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Jon Hershfield - Mind Washing: Mastering The Unique Challenges of Metal Rituals

For the 2016 Annual OCD Conference

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Jon Hershfield - Mind Washing: Mastering The Unique Challenges of Metal Rituals

  1. 1. MINDWASHING: MASTERINGTHE UNIQUE CHALLENGES OF MENTAL RITUALS Jon Hershfield, MFT MonnicaWilliams, Ph.D. Elspeth Bell, Ph.D. Jeff Bell The 23nd Annual IOCDF Conference Chicago, IL July 29th 2016
  2. 2. Why this talk? • OCD sufferers often unaware of role of mental rituals or unable to articulate experience of them • Clinicians often misdiagnose OCD as GAD or other disorders • Both need a language for assessing and treating OCD in the absence of overt observable rituals
  3. 3. OCD BASICS • Obsessions – unwanted intrusive thoughts that are associated with discomfort, often repetitive, typically ego dystonic • Compulsions – physical OR mental behaviors engaged in for the purpose of seeking certainty and relieving discomfort associated with obsessions
  4. 4. But the DSM says… • Presence of obsessions OR compulsions. • But really people with OCD have obsessions AND compulsions (Williams et al., 2011; Leonard & Riemann, 2012). • You just have to be able to identify the compulsions!
  5. 5. “PURE O” OCD • Misnomer used to identify sufferers whose compulsions are primarily mental or covert • Term “pure obsessional” showed up in early 90’s, then replaced with “primarily obsessional” • Is not a clinical reality or separate diagnosis from OCD • Label used by sufferers for fostering sense of community
  6. 6. Rates of Covert Compulsions by Primary ObsessionType
  7. 7. OBSESSIONS • All obsessions involve mental rituals, though some are more commonly associated with “pure o” or invisible compulsions
  8. 8. OBSESSIONS • Contamination obsessions may involve physically washing, cleaning, and avoiding, but also involve significant mental rituals • Responsibility obsessions may involve repeating and checking, but also involve significant mental rituals
  9. 9. COMMONLY ASSOCIATEDWITH SIGNIFICANT MENTAL RITUALS • Harm OCD – obsessive thoughts of aggression, fear of acting out violence impulsively or self-inflicting harm
  10. 10. COMMONLY ASSOCIATEDWITH SIGNIFICANT MENTAL RITUALS • Sexual Orientation OCD (a.k.a. HOCD) – fear of “turning into” or being in denial of other- orientation identity
  11. 11. COMMONLY ASSOCIATEDWITH SIGNIFICANT MENTAL RITUALS • Pedophile OCD (a.k.a. POCD) – fear of being sexually attracted to children or impulsively acting out sexually with children
  12. 12. COMMONLY ASSOCIATEDWITH SIGNIFICANT MENTAL RITUALS • RelationshipOCD (a.k.a. ROCD) – fear of inadequacy or dysfunction in romantic relationship
  13. 13. COMMONLY ASSOCIATEDWITH SIGNIFICANT MENTAL RITUALS • Scrupulosity – religious or moral rigidity, fear of being disconnected from faith, blaspheming, or being morally inadequate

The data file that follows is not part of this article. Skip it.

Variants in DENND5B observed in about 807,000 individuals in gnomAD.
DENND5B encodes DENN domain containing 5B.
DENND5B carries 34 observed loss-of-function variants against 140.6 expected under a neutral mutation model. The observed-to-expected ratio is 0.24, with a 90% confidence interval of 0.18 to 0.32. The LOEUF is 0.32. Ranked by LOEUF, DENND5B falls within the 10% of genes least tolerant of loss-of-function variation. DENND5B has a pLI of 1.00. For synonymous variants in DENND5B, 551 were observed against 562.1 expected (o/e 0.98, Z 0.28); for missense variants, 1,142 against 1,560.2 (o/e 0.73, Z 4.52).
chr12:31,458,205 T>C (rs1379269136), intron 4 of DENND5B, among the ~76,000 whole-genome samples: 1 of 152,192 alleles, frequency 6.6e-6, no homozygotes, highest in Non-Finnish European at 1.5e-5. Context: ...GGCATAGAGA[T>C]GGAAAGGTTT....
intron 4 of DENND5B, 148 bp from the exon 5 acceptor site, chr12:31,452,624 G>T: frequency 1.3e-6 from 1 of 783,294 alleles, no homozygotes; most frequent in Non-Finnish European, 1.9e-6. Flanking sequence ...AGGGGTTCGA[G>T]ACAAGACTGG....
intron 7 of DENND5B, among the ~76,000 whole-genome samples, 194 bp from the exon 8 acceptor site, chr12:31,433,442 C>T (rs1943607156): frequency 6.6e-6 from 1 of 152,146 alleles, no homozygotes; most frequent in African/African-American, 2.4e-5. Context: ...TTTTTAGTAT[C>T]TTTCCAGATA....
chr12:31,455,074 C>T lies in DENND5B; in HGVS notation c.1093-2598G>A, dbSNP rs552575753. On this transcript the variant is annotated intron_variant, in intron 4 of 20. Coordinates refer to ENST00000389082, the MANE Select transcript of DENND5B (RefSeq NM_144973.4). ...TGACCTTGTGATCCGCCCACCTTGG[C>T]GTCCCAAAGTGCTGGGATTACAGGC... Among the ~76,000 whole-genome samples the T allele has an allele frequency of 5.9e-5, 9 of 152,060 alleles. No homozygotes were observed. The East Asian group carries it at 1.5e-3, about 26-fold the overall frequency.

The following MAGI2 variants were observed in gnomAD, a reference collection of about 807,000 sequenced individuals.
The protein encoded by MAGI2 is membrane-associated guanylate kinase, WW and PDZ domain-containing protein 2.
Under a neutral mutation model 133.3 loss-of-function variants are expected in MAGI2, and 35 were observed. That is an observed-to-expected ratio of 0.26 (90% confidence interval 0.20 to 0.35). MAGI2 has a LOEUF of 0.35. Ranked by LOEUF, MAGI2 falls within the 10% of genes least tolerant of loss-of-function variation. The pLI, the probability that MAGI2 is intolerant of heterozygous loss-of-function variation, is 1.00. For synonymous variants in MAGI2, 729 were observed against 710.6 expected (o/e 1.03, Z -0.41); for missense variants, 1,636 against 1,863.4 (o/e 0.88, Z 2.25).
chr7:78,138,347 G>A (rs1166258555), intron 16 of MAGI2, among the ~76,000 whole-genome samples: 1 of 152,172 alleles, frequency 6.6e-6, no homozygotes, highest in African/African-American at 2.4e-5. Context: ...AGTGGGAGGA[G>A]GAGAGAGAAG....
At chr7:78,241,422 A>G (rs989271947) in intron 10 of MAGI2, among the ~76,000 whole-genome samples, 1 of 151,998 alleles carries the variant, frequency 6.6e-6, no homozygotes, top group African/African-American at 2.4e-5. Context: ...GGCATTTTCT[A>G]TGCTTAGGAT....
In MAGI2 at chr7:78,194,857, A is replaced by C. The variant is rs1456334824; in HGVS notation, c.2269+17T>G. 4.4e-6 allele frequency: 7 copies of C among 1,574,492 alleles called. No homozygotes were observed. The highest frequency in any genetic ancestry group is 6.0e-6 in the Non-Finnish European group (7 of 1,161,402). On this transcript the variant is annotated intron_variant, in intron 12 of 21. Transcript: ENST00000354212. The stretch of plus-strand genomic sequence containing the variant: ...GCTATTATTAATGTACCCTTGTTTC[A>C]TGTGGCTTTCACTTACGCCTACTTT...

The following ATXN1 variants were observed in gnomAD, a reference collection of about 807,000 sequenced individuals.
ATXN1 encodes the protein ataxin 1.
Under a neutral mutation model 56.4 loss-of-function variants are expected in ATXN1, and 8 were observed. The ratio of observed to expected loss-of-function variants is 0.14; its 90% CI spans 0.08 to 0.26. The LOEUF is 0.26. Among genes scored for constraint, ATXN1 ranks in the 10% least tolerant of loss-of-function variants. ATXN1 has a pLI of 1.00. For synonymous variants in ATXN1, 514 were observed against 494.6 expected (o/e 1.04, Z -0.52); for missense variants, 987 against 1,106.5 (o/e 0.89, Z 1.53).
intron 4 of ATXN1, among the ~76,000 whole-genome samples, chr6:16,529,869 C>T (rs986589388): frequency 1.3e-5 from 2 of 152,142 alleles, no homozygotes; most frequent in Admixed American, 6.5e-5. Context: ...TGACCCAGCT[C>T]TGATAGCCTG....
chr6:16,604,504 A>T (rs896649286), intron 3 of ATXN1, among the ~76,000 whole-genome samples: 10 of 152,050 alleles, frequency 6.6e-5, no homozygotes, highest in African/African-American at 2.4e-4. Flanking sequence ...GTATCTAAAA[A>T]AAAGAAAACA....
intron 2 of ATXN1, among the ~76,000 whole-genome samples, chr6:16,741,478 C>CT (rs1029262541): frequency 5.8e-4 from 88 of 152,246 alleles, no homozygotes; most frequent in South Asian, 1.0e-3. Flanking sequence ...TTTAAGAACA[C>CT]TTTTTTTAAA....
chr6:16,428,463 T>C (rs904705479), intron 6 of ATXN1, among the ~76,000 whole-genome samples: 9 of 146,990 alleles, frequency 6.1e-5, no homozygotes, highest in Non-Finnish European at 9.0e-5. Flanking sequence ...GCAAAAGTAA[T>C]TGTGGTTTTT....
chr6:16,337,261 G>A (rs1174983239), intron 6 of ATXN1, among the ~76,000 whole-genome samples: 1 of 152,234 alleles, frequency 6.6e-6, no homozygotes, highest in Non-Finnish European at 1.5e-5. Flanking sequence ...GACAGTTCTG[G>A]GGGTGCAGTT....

14. 14. COMMONLY ASSOCIATEDWITH SIGNIFICANT MENTAL RITUALS • Hyper-awareness obsessions – discomfort associated with awareness of involuntary processes (i.e. blinking, breathing, swallowing, or thought process)
  15. 15. MENTAL RITUALS • Thoughts as contaminants of the mind • Some people wash their hands, some people wash their minds
  16. 16. MENTAL RITUALS • Covert compulsions • Often un-noticed by others • Often overlooked by treatment providers • Sufferer may be unaware or believe mental behavior to be non-compulsive
  17. 17. MENTAL REVIEW • Mental review is occurring when a person is examining a past experience repeatedly for the purpose of letting it go. This is sometimes referred to as “rewinding the tape” because it is the mental equivalent of studying a scene over and over. Since the sufferer believes that reviewing the event (interaction, conversation, statement, etc) will result in resolving it and subsequently reducing uncomfortable thoughts and feelings, it is a compulsion.
  18. 18. MENTAL REVIEW • Often confused with “just working it out” or honest attempt to gain insight into or understand meaning of obsession • Interchangeable terms - retracing, replaying, rewinding, ruminating
  19. 19. MENTAL CHECKING • “Digging up” a thought for the purpose of engaging in mental review. This also occurs when a sufferer becomes aware of an obsession being absent. They then mentally “check” to see if the thought still bothers them and compulsively test it to see if it is truly resolved. This is essentially bringing on an obsession to prove it has gone away.
  20. 20. MENTAL CHECKING • Can also be applied to feelings and bodily sensations, such as in checking one’s groinal response to a sexual obsession. This includes mentally investigating the potential source of a thought or feeling to determine why it occurred.
  21. 21. SCENARIO BENDING • Hypothesizing, theorizing, exploration of whatWOULD happen • This mental ritual combines review and checking by first replaying an event that did take place, and then adding a hypothetical element of the event that could have but did not take place. Someone engaging in this compulsion would then proceed to analyze how they would have behaved if the feared scenario did take place. The ritual is aimed at determining how appropriately one would respond in a feared hypothetical scenario in the hopes that they will have certainty of their moral constitution.